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New Year's Restoration

How salvation beats dazzle, and other mysteries of the restaurant trade

5. LITTLE EXTRAS. How to explain the childlike pleasure evoked by an unexpected gift? Savvy restaurants capitalize on the lagniappe principle by offering complimentary tastes of this or that, thereby picking up bonus goodwill points. Feng Ling got on my good side not only with that previously mentioned pickled cabbage, but also with a cup of stout hot-and-sour soup (more bonus points for the dried lily flowers). At meal's end, they clinched the deal with a beautifully sculpted orange.

All of the above inclined me to cut the restaurant some slack when it faltered. This is not a menu from which I would order with utmost confidence. Its low point was very low indeed: a horrific version of orange beef so caramelized with sugar that it resembled beef candy. Tough beef candy. "This is harder to chew than my mother's chicken-fried steak," complained my companion. My horror increased when Tan told us this Feng Ling Hot Beef is by far the restaurant's most popular dish. What this says about our civic palate I shudder to imagine.

or did I find myself persuaded by a crispy whole fish that was visually spectacular -- its fanged mouth propped wide with a toothpick and its sides sectioned to fan out in wings -- but rather chewier than one wants one's fried fish to be, and possessed of a too-timid, too-sweet Szechuan tomato sauce. "Hot and spicy" here translates as not-that-hot and not-that-spicy, a curious trait in a place that claims Szechuan/Hunan credentials.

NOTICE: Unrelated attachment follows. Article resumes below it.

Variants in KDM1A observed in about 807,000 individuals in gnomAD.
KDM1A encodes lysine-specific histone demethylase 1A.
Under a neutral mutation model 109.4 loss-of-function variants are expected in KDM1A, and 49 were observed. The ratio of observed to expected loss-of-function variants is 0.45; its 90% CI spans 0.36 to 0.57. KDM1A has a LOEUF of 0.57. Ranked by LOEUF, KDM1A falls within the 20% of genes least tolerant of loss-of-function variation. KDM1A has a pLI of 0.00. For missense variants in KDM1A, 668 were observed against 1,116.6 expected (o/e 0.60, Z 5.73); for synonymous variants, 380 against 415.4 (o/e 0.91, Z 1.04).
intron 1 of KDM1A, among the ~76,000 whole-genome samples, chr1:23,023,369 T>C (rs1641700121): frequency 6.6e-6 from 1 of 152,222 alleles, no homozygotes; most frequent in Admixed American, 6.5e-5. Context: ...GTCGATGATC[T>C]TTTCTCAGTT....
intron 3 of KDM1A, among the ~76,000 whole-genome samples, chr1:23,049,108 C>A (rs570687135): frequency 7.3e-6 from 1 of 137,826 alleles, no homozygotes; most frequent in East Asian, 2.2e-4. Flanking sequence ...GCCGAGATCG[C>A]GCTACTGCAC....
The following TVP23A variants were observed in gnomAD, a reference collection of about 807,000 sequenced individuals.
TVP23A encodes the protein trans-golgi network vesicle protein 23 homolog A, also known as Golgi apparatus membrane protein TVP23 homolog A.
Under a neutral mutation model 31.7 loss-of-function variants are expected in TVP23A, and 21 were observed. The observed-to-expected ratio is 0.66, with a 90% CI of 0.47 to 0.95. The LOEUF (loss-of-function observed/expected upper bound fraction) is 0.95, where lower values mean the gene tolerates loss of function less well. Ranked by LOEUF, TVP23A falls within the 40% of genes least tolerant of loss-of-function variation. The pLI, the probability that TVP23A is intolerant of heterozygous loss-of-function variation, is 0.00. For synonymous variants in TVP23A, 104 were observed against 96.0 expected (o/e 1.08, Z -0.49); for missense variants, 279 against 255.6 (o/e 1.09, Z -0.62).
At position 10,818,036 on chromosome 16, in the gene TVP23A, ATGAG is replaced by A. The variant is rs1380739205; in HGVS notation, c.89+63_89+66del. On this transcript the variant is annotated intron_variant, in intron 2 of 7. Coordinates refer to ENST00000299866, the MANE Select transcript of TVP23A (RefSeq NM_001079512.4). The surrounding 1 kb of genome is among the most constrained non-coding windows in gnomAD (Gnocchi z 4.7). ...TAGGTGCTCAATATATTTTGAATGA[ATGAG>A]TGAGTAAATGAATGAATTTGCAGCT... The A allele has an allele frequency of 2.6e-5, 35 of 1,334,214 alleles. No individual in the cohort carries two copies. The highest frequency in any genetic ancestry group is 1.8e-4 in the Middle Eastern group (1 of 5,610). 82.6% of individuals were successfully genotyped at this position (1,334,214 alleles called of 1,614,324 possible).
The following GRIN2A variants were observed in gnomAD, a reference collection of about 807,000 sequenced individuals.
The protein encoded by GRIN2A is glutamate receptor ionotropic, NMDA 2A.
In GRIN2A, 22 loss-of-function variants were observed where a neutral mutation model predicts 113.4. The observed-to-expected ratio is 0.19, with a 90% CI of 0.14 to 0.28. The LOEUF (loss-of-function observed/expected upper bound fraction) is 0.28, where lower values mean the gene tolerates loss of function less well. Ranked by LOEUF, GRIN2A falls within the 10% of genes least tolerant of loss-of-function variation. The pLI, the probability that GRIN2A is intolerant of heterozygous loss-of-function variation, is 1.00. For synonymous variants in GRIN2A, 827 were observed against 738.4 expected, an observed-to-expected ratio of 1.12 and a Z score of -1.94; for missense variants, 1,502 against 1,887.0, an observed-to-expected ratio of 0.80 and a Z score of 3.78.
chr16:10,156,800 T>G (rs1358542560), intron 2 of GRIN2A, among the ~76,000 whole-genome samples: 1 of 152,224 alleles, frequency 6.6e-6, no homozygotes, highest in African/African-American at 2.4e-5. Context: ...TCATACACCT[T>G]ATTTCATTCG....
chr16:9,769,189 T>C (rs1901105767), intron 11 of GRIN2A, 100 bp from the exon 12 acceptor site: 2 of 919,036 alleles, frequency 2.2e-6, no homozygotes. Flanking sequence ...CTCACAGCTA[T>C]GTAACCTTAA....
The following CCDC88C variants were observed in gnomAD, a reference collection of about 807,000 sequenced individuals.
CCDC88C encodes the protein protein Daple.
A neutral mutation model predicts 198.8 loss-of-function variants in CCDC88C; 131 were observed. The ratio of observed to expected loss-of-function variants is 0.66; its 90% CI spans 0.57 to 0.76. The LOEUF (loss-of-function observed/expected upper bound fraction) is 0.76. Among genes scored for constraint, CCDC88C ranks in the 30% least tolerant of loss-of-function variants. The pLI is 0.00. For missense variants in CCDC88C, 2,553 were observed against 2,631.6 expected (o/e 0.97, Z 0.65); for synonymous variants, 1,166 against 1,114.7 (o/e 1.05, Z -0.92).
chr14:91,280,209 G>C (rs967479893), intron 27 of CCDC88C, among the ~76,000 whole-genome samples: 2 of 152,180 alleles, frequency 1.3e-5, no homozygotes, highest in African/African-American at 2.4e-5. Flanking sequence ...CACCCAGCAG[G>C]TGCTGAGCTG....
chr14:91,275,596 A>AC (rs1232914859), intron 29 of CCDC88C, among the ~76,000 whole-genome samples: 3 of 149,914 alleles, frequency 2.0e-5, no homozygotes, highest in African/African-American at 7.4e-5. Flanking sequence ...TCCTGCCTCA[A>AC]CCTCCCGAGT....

This is a kitchen perfectly capable of presenting you in quick succession with the good (simple "drunk chicken," marinated in rice wine), the bad (tough, stodgy crab rangoons, a dirty little weakness of mine), and the middling (a resolutely plain soup of mustard greens and shredded pork that needed a lift of I-don't-know-what).

But in the end Feng Ling made me happy -- despite the inconsistencies that would sour me on a more pretentious place; despite the bare-bones Oriental decor that verges on the dreary, all bright lights and muddy shades of red and burgundy, soda cartons guarding a doorway to the kitchen netherworld. By the time I left, a transaction that is at the heart of restaurateuring had occurred: Feng Ling had taken me in and restored me.

Feng Ling, 6437 Westheimer, 783-6120. Hours: Lunch, 11 to 4 p.m., Monday through Sunday. Dinner, 4:30 to 10 p.m., Monday through Sunday.

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